• Miriam: My understanding of trafficking would any circumstance where a financial transaction was involved in getting a human child from to to fro. Thus, it would still be trafficking whether some agent was paid to hand me from my birth mother to my adoptive parents, or to collect a fee for getting my dumped (abandoned?) self from whoever’s care (or lack of it) I was in to whoever adopted me.

      The only children I can think of who would be adopted but not trafficked would be those who, say, were transferred from a parent to a parent’s relative (or does someone collect a fee to do that? if so, it’d have to be “off the books”), or someone who literally found me wailing in the bulrushes and took me home on the spot.

    • Your comment leaves me at a loss. It’s very clear that the author of this post is speaking only to those who are “anti-adoption.” Why would someone who is clearly pro-adoption weigh in? It happens so often, and it just wears me out.

      Why do adoption apologists feel compelled to elbow their way into EVERY conversation to crow about how healthy and happy and well-adjusted they are? In my opinion, that’s not how genuinely secure and healthy people behave. To trot out a very old line, “The lady doth protest too much, methinks.”

  2. This is all very depressing but oh so true to form. Being adopted somehow shunts us into this grey no-man’s land of no fixed ethnicity, identity or nationality. Many people who don’t understand the trauma of adoption especially transracial adoption seem to hold this view that you the adopted child now the adult should be forever beholden to the people who adopted you, that somehow you should be in perpetual “indebtedness” to those who deigned to adopt you as if somehow you were not really worthy of this status. I have received what I can only describe as veiled threats from the family that adopted me to try and silence me, to somehow stop me from airing my opinionsI. I understand that they won’t agree with my view on the situation of my adoption I too take on board that my recollection is just that my recollection – my memories. I’m human and yes I may remember situations inaccurately but that’s how I remember things. The question I would be asking myself is why do you remember things in this way or that? Even other adoptees I have found don’t like the fact that you’re being forthright with your views a small minority that I have encountered and it is a small minority are willing to (and yes this is my personal opinion) stoop to any low depths to try and scupper people like myself from speaking. Some adoptees that I have encountered have had positive experience, well that’s what they tell me and who am I to dispute their personal experience. Who am I to disrespect their views just because my experience and views are not in harmony with theirs? Yet these people won’t or can’t show treat me, my experience and my views in a similar manner. Maybe it’s because adoptees who are not afraid to air their views and have become politicised frighten them? Because even though our core identity has been fractured we actually know who and what we are and have in some senses come to terms with the loss, the trauma. We are living proof that the social fairytale does not always work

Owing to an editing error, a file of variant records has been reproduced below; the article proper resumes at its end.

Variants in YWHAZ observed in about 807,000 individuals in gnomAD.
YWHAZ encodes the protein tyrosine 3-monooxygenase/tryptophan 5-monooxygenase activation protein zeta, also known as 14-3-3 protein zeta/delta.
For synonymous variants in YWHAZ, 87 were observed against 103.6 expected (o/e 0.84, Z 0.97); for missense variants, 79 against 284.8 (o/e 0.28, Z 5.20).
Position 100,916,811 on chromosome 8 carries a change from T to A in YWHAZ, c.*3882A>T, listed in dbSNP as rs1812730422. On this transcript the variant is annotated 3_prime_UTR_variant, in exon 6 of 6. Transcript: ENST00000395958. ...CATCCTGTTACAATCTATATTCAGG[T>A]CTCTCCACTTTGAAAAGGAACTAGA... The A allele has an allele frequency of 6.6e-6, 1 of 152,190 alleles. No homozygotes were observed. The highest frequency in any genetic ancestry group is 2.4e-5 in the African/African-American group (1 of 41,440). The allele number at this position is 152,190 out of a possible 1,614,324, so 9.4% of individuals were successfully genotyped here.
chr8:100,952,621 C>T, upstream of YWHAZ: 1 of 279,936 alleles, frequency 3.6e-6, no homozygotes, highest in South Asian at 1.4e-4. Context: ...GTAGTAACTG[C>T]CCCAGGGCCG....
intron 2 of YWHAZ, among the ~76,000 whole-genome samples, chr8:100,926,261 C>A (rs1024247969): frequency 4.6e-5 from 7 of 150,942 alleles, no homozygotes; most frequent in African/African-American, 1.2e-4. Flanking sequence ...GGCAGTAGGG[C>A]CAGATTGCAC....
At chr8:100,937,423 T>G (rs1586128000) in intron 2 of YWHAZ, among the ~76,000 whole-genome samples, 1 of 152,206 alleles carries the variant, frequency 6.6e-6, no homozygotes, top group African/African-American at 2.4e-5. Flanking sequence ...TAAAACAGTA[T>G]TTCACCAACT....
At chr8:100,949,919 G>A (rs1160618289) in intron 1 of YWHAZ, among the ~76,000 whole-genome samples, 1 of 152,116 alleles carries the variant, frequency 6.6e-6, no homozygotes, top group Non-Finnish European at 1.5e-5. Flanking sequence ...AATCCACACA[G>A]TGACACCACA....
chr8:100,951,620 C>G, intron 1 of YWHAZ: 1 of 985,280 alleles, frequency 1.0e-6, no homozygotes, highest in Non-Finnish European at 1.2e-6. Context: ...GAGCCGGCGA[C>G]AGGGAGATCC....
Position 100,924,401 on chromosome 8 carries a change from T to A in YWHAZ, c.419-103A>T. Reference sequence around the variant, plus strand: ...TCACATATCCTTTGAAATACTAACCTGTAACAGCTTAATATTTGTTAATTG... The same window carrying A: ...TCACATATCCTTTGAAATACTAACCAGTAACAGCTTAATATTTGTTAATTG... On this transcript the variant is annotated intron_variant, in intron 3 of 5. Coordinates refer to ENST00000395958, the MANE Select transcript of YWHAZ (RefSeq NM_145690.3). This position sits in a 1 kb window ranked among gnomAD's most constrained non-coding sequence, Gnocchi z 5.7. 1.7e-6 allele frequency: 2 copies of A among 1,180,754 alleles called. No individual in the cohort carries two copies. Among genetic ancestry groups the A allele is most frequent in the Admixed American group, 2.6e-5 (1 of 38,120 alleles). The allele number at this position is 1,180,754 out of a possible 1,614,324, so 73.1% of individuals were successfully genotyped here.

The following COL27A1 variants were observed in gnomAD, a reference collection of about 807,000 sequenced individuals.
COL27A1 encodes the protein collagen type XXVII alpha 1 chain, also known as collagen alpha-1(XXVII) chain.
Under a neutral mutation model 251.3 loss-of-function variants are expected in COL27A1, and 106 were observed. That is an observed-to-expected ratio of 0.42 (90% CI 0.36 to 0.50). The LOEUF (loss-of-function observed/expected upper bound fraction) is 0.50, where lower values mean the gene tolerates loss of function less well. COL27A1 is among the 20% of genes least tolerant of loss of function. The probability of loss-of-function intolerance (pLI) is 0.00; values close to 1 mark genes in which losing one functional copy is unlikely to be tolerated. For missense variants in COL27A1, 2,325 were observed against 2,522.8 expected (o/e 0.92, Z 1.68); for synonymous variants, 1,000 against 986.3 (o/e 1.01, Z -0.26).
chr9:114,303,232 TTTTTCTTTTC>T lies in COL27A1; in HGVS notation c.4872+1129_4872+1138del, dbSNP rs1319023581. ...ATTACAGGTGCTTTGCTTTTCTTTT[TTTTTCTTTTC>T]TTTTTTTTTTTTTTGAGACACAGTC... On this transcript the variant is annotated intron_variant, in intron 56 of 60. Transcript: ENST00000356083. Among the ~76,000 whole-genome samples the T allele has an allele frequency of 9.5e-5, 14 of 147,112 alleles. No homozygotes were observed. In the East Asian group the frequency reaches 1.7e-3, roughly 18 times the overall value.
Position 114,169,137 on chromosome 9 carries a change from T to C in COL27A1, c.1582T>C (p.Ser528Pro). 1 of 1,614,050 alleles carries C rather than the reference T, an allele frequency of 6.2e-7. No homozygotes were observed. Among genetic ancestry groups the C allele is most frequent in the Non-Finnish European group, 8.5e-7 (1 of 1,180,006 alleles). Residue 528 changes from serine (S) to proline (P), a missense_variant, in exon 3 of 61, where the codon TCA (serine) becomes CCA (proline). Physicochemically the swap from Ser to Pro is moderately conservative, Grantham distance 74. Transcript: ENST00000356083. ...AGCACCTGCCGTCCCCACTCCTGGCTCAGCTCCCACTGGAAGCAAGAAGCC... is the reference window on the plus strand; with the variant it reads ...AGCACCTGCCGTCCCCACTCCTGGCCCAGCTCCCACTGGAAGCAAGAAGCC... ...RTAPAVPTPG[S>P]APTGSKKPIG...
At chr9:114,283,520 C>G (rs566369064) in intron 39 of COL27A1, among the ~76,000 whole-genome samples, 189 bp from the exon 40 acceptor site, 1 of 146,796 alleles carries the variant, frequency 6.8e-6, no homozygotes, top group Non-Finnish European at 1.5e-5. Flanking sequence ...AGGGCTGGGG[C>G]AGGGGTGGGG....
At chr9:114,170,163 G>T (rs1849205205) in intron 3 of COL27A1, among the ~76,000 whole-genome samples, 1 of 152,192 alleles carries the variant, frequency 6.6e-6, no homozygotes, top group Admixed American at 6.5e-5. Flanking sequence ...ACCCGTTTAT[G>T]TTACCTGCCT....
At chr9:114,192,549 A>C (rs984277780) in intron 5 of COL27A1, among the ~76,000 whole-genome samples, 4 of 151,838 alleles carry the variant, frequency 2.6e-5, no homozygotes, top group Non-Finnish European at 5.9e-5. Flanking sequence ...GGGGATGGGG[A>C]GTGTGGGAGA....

3. Eagoodlife posts here about censorship of adoptees: